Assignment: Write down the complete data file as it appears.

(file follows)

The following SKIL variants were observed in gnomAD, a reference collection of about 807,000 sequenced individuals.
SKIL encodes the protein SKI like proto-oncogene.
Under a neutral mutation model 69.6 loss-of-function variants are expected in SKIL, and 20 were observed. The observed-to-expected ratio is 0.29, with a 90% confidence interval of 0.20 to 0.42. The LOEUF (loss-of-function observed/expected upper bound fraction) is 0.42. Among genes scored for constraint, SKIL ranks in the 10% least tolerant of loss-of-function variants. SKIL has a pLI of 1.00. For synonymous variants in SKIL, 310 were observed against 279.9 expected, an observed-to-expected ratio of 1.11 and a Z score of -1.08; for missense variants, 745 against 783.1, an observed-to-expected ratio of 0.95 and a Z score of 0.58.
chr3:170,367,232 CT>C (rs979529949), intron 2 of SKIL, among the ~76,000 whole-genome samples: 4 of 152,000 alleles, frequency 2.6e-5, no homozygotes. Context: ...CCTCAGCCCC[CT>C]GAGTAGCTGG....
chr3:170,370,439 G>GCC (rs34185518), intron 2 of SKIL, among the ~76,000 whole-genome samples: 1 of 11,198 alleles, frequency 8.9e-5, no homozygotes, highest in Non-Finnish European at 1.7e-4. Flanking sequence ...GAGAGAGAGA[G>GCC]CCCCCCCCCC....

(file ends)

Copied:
The following SKIL variants were observed in gnomAD, a reference collection of about 807,000 sequenced individuals.
SKIL encodes the protein SKI like proto-oncogene.
Under a neutral mutation model 69.6 loss-of-function variants are expected in SKIL, and 20 were observed. The observed-to-expected ratio is 0.29, with a 90% confidence interval of 0.20 to 0.42. The LOEUF (loss-of-function observed/expected upper bound fraction) is 0.42. Among genes scored for constraint, SKIL ranks in the 10% least tolerant of loss-of-function variants. SKIL has a pLI of 1.00. For synonymous variants in SKIL, 310 were observed against 279.9 expected, an observed-to-expected ratio of 1.11 and a Z score of -1.08; for missense variants, 745 against 783.1, an observed-to-expected ratio of 0.95 and a Z score of 0.58.
chr3:170,367,232 CT>C (rs979529949), intron 2 of SKIL, among the ~76,000 whole-genome samples: 4 of 152,000 alleles, frequency 2.6e-5, no homozygotes. Context: ...CCTCAGCCCC[CT>C]GAGTAGCTGG....
chr3:170,370,439 G>GCC (rs34185518), intron 2 of SKIL, among the ~76,000 whole-genome samples: 1 of 11,198 alleles, frequency 8.9e-5, no homozygotes, highest in Non-Finnish European at 1.7e-4. Flanking sequence ...GAGAGAGAGA[G>GCC]CCCCCCCCCC....